1. Brushing your dog’s teeth to prevent an undesirable buildup of plaque
  2. Feed your dog a diet where the high quality dog food has dental benefits
  3. Regularly give your dog dental toys and treats
  4. Use mouthwash, to help where brushing misses
  5. At the sign of any abnormalities, consult a vet. You can even do it virtually, from the convenience of your home.

Dogs are just like humans in that they can experience anxiety. The degree to which they are susceptible to anxiety and how they deal with anxiety is breed specific. Left unchecked, initial signs of anxiety could give way to an anxiety disorder. The symptoms of anxiety disorders can lead to a myriad of behavior issues.

Knowing the signs and symptoms will best equip you to keep ahead of it and to nip it in the bud at the earliest signs. There are options available to help with anxiety.

Are You Covered When Your Pup Gets Sick?

Grooming

The Glen have a wiry topcoat and a soft undercoat. Your pup will need to be hand stripped twice a year. Otherwise, your dog will not shed much. Weekly brushing focusing on the hair around ears, legs, neck, and belly to keep your pup free of matts and tangles.

Bathing your pup around 3-4 times a year or if you pup gets exceptionally dirty. Make sure to keep pup’s ears clean and free of debris. Keep your pup’s nails clipped short, and the hair around the foot pads trimmed. Brush your pup’s teeth several times per week.

Exercise

When The Glen are small it is essential to keep your pup’s exercise mellow, leisurely walks or easy play sessions. While their bodies are growing rough exertion can disrupt their growth plates. During the first 9-12 months of life, they should not be allowed to jump off furniture or climb stairs often.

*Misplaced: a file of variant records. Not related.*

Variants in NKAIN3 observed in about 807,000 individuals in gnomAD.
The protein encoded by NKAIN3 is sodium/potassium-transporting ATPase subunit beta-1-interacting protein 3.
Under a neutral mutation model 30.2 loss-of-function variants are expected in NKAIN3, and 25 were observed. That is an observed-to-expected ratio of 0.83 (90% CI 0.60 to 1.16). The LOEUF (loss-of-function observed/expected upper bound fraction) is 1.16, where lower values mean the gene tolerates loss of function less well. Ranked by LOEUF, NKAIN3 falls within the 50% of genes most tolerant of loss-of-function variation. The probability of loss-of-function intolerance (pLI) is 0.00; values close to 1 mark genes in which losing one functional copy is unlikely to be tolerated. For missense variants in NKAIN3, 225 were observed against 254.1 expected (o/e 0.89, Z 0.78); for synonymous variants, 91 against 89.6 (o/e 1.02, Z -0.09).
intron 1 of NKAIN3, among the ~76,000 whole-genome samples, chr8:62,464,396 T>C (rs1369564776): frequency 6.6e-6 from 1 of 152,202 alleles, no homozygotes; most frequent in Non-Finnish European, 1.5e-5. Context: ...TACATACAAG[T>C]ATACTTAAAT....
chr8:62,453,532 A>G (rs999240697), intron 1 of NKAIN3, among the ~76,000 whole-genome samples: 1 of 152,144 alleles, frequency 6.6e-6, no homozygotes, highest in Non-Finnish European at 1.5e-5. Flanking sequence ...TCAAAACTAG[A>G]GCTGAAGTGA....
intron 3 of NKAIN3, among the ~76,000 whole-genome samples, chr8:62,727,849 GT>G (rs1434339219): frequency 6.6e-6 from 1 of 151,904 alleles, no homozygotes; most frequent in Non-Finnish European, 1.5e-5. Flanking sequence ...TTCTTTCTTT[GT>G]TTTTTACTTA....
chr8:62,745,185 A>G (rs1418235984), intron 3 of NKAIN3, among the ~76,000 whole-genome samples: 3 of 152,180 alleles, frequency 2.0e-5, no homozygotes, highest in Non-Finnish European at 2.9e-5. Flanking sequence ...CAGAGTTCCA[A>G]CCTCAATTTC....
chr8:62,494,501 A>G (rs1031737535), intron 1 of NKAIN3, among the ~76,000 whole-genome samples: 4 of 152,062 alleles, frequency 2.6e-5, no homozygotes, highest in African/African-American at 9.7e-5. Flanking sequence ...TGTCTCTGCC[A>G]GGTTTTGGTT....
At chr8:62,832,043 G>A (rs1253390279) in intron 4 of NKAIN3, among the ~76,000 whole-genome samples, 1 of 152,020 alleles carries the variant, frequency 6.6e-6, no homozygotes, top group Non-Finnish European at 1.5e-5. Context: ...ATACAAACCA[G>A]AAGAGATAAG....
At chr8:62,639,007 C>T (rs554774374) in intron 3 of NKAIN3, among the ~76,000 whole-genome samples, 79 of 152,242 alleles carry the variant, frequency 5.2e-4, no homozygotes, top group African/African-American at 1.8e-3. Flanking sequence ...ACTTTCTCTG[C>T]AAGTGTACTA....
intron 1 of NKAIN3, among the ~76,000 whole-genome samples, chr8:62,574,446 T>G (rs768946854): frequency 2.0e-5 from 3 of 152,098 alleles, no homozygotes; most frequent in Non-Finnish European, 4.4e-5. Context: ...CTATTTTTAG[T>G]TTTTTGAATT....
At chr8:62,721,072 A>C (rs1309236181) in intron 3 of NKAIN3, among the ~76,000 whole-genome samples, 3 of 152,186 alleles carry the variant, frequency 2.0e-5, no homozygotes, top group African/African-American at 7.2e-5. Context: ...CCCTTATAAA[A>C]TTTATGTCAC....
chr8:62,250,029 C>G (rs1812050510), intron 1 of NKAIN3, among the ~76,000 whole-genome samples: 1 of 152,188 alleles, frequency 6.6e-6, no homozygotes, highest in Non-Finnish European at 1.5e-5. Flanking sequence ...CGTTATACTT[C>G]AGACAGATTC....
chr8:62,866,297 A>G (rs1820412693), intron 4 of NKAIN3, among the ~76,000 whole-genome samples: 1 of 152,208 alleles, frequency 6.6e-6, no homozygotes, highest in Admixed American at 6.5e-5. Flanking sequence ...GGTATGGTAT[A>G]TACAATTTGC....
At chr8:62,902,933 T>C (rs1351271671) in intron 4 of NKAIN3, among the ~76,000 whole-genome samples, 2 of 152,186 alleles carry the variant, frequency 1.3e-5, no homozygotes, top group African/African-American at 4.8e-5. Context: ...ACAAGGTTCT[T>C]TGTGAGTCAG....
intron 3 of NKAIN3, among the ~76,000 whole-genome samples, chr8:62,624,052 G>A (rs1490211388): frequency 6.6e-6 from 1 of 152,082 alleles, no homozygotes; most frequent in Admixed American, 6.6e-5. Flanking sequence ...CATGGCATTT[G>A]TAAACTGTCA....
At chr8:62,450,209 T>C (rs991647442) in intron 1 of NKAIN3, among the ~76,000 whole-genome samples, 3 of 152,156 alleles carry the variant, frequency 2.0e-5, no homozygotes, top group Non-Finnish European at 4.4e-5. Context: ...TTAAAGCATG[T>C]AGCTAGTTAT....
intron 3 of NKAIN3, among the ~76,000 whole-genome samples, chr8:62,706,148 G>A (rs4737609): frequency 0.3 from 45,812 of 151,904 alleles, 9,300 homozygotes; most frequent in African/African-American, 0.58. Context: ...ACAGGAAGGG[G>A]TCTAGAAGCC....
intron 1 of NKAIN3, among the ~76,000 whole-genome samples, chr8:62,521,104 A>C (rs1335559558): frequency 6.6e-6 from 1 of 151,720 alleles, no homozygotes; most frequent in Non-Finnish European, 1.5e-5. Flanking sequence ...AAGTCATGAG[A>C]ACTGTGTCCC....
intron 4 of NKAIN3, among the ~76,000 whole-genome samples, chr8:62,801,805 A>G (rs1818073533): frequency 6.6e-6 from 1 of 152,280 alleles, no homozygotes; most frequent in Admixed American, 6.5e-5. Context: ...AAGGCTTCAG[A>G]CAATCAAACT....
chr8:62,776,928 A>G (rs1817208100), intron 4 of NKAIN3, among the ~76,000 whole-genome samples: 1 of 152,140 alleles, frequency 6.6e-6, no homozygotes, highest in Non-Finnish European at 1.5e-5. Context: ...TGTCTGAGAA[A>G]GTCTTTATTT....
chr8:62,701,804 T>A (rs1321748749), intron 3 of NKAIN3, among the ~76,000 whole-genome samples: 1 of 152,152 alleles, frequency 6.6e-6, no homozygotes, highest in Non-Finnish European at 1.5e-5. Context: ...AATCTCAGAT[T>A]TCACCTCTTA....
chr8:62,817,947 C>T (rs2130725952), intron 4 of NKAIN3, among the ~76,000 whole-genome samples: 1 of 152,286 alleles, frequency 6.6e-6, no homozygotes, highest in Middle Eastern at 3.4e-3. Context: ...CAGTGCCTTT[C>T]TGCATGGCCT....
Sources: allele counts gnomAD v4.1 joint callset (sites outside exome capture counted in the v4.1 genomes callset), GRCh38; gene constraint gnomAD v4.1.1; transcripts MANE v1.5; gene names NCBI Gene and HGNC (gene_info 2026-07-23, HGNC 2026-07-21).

Once your pup is fully grown you can increase the level of your pup’s play to about an hour of engagement each ay. If you put your pup out in the yard, make sure your fence is secure and goes at least 18 inches into the ground.

These pups were bred to dig, and they will do just that until they can escape if it is easy. The Glen are singularly focused when working on a job. Consider getting your pup a puzzle toy for when home alone.

Additionally The Glen’s heavy body and short legs make swimming a significant challenge. Be sure to keep your pup away from bodies of water especially when left alone.

Nutrition

On average The Glen will eat about 2 cups of food per day. Your pup’s exact needs will depend on age and activity level.

We’ve taken a look at some premium dog foods, high in nutrition here.

Are You Feeding Your Dog The Best Food?

Training

As with all dogs, early socialization to humans and other animals is essential to your pup’s temperament. The Glen are very intelligent, they will learn quickly.